Interactive Worlds Jump off the Page

Through a combination of visual media and textual representation, graphic narratives have the capacity to create novel and highly interactive artworks. According to Vidergar, Espinosa avoids using stylized, perfected images, because he wants readers to fill in the visual gaps themselves, to use their own imaginations to actualize the work.

There is “this incredible kinetic imagery. These are static images but they move,” said one of the speakers at the event, Frederick Aldama, Arts and Humanities Distinguished Professor at Ohio State University and expert on Latin American culture.

“Graphic narratives like comics are especially good at world making,” said Chang. “They do so in very precise and evocative ways, through visual representation and language, to develop the worlds that we live in and imagine.”

Through experiments with technology and social media, comics are becoming even more interactive. One new comic has an iPad application that allows readers to scroll through images in a way that makes them appear animated. According to Shin, comics also “inspire different ways to look at technologies.” For instance, with Korean webcomics, you use the mouse to scroll down a single panel of the comic, and the images begin to look seamless. “Comics are a really good medium for visual and technological experimentation,” said Shin.

Translating Graphics Into Music

Project members meet every month to discuss a different facet of the graphic narrative. Looking ahead, they are planning presentations on an array of topics that interrelate with graphic narratives, including literature, film and cognitive science.

A special guest presents at each meeting, and in October, Mark Applebaum, a Stanford music professor and experimental composer, introduced the workshop attendees to a fascinating, if offbeat, mode of storytelling.

Applebaum takes a totally different approach to graphic narration. He combines graphics not with words, but with sounds, movements, and melodies. During his presentation, Applebaum synchronized hand gestures with electric sounds in a piece called “Aphasia.”

Applebaum translates musical scores into visual or kinetic compositions. He does not necessarily create narratives through his work, but he certainly acts as an “instigator” or “catalyzer” of narrative, according to Shin.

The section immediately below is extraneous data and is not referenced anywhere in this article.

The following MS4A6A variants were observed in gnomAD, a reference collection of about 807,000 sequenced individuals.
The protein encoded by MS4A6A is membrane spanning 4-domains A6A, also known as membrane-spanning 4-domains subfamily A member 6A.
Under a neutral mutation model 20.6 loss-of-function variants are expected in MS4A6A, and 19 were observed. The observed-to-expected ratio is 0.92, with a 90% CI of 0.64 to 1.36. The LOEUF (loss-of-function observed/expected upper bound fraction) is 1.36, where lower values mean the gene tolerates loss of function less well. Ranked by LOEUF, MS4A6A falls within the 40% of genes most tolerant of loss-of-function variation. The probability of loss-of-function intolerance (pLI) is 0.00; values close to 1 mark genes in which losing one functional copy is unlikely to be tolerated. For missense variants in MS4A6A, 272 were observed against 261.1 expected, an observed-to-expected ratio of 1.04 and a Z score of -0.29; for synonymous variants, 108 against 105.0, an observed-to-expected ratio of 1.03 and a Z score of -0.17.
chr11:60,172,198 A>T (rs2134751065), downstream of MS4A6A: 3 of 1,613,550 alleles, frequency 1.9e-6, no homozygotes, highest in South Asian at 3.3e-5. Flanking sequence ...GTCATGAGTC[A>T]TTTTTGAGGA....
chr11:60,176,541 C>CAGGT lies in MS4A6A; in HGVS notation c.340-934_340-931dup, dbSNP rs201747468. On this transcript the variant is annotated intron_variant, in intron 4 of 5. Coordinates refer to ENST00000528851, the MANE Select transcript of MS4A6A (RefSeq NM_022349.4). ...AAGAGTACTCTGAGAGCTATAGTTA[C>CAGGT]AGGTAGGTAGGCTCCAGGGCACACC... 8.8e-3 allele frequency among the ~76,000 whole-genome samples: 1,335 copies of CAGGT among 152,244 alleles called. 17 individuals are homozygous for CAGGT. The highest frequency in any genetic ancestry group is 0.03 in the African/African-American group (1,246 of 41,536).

Through his elaborate, pictographic musical score “The Metaphysics of Notation,” an evocative work of visual art containing a series of cryptic symbols and glyphs, he encourages artists “to look at the scores and interpret them, and therefore create narratives within their given frame of reference,” said Shin.

Musicians have created sonic realizations of Applebaum’s figurative scores, and one artist reimagined one of his visual compositions in poetic form.

Exploring Innovative Storytelling

In its mission to explore nontraditional forms of graphic storytelling, the Graphic Narrative Project attracts a wide scope of scholars, from art historians to archeologists, to cognitive psychologists and literary scholars.

“We bring together people who are interested in graphic narrative, but we also aim to encourage people who haven’t considered graphic narratives before, to give them the tools that they need to include these projects in their classrooms,” said Vidergar.

Vidergar herself taught a course on graphic narratives, and Shin incorporated graphic narratives into the class on science fiction and fantasy.

A recent Project meeting centered on a discussion of Dino Buzzati’s graphic novel “Poem Strip,” which takes artistic hybridization to the extreme. The graphic novel, set in Milan, incorporates quotations from works of literature, film, architecture, and painting, from across many different genres and ages, to weave a mythic, metaphysical tale.

A discussion in January with Barbara Tversky, former Professor of Psychology at Stanford, will delve into the power of graphic projects through cognitive psychology.

The February meeting will center on Japanese comics on Korean resistance movements, which is very unique because it diverges from traditional, Western comics.

Shin said that with “the infinite potential in combining the instantaneous and intuitive effects of visual media with the complex hermeneutics of textual representation,” the graphic novel genre certainly calls for further in-depth academic exploration.

By Armine Pilikian